Inflation impacts municipal budgets and the tendering process | News, Sports, Jobs

Whether in the City of Williamsport, Lycoming County or municipalities and townships, inflationary pressures are causing officials to review their current financial situation and what can be expected in 2023.

“Inflation is causing a serious planning problem for local governments,” said Scott Williams, county transportation specialist. The next scheduled inflation rate update is September 13, nationwide.

“Many planned large infrastructure projects are intended to be funded by state or federal grants,” he said. “In order to prepare an attractive grant application, we need to have a solid and realistic estimate of project costs in order to know the appropriate amount of grant to seek.”

In most cases, granting agencies want to ensure that applicants use real numbers based on the type and amount of work that will need to be done, rather than guessing at what appears to be a good number.

Due to state and federal government review and award timelines for grant applications, county, city, and municipal officials must prepare project cost estimates in advance.

In the case of the county, it takes up to two years before an intent to let (tender) construction projects.

However, with current inflation rates hovering between 8 and 9 percent, the county is finding it very difficult to prepare cost estimates for projects that will be reliable for two years.

Jon Sander, professional engineer for the city, agreed with that sentiment.

“Estimates and actual costs are high,” he said, adding how “Contractors are doing their best to submit bids for projects with prices based on the lowest bid.”

In town, it has become a “challenge,” said Sander.

Also, he said, a quote for a project is only valid for a shorter than normal duration due to market uncertainty.

In Williamsport, City Council Speaker Adam Yoder said inflation had a direct impact on the city budget.

This impact is potentially substantial given the level of inflation.

For example, material costs for general government operations, city projects, and energy costs are a few items where the city budget could be “bitten”, Yoder said.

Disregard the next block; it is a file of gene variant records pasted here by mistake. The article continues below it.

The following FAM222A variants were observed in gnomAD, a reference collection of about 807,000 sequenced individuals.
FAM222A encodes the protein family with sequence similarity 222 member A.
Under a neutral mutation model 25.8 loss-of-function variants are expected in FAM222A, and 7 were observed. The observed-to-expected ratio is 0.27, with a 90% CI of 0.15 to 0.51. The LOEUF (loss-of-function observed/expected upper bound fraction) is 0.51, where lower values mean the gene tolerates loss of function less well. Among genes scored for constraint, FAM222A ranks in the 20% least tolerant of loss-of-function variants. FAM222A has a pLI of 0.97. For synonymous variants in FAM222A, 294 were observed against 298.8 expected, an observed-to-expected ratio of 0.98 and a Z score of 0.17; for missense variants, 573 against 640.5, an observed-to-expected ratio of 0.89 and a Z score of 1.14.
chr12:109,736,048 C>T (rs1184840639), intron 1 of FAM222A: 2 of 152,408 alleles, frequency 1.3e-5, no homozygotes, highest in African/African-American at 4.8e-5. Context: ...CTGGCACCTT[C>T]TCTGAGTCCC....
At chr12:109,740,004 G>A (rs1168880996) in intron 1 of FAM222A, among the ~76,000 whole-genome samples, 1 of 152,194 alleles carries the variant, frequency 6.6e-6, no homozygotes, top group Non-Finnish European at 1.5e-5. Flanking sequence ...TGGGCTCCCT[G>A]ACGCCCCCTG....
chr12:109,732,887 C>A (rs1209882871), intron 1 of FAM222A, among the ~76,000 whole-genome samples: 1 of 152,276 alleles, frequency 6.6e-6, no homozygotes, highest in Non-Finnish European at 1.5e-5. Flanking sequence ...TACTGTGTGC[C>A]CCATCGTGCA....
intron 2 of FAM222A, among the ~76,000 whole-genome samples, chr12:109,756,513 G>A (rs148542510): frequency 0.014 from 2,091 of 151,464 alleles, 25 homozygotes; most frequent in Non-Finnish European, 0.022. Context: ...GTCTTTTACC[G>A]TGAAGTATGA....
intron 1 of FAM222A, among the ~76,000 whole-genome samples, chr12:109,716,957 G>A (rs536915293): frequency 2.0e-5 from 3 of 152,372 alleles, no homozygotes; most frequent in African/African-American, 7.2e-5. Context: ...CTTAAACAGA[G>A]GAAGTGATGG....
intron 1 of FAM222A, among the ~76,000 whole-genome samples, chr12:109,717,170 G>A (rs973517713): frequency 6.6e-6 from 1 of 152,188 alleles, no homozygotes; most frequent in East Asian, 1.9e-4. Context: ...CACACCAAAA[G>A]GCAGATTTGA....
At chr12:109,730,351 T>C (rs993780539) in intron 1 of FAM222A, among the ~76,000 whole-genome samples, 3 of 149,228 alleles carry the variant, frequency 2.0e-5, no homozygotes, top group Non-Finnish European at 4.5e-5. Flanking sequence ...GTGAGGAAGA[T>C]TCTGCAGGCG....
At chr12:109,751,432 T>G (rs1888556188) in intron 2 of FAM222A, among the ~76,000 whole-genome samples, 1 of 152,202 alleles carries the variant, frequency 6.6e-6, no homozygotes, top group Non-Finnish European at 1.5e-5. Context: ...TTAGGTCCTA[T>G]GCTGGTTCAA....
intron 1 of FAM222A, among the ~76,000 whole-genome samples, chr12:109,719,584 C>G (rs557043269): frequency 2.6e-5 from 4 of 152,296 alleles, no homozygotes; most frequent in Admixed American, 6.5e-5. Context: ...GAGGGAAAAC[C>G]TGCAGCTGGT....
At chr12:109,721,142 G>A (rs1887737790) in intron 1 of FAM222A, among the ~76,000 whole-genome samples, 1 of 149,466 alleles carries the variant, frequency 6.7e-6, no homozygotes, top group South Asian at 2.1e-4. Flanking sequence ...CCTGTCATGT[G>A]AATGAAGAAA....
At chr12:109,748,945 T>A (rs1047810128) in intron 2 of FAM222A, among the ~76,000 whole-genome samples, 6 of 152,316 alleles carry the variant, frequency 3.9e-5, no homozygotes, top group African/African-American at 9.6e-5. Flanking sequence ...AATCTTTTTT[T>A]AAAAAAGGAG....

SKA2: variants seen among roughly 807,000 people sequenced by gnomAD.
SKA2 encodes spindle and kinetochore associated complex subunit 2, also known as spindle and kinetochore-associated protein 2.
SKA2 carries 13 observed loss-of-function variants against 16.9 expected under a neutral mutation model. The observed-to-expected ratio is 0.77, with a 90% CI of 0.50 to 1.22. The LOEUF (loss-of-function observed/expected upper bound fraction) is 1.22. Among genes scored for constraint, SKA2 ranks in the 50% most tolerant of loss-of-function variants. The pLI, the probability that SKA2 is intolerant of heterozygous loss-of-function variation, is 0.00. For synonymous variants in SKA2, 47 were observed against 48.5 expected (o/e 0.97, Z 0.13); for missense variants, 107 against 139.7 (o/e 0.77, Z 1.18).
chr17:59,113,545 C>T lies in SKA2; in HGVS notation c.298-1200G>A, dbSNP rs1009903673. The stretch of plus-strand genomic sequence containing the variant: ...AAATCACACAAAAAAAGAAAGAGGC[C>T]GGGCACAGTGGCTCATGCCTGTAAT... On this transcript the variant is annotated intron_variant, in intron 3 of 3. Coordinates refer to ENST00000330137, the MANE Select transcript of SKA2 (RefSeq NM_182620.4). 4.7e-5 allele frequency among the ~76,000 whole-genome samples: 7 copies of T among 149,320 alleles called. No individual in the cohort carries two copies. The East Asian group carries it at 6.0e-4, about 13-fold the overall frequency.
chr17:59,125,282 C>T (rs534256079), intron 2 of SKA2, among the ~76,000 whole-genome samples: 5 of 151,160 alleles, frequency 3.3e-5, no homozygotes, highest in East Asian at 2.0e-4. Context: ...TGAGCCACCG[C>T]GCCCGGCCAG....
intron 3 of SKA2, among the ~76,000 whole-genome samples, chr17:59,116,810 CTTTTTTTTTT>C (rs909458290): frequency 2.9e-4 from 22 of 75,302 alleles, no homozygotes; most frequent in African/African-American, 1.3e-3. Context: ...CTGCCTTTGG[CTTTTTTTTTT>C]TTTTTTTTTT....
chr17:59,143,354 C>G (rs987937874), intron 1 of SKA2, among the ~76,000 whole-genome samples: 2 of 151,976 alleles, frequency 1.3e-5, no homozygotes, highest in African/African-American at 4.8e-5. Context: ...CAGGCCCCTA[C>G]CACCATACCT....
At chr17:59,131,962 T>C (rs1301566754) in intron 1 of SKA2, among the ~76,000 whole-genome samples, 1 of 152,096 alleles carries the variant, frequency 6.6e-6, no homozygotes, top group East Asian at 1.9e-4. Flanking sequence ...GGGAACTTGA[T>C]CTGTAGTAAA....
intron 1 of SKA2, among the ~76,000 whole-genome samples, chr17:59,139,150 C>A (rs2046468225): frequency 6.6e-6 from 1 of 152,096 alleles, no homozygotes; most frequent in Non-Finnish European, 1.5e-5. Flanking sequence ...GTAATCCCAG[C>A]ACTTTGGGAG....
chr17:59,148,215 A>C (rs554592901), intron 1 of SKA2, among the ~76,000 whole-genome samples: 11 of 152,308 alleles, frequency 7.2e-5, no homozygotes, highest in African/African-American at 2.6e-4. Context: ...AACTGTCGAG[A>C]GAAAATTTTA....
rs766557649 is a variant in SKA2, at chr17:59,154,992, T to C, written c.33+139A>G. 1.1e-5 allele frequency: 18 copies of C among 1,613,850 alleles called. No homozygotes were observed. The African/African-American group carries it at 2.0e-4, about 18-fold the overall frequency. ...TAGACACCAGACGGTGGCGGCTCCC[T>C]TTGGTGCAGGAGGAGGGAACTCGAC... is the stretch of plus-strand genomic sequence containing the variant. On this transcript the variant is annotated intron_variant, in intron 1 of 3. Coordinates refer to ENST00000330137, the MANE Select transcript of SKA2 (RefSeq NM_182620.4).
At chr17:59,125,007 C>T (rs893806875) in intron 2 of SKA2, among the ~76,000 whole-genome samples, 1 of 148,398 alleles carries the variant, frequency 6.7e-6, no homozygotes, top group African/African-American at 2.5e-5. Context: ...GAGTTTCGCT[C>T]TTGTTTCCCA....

“This is a very concerning scenario, especially since the city has a current budget deficit of approximately $2 million,” Yoder said.

This can have an impact on taxpayers, depending on what happens during the budget season which begins in November and continues, usually, into December, with passages.

In the city, higher costs will reduce the carryover into the general fund that has been used to balance the budget in the past, Yoder said.

Since the city has continued to use deficit spending to prepare the annual operating budget, it is potentially at great risk, Yoder concluded.

“We may have some tough choices to make at budget time,” he said. “I hope not, but we have to prepare as if we do.”

Across the river in South Williamsport, Steven W. Cappelli, Borough Manager and Director of Public Safety, is also very concerned about the impact of inflation on the budget and costs of the project, in all.

“I am seriously concerned about rising inflationary costs as we develop street paving bit specifications for 2023,” said Capelli.

The average gas price in the state remains at $4.10 this week. The average diesel price was $5.37.

“With the cost of oil pricing, no one can guess how this will negatively impact the cost of the project,” said Capelli.

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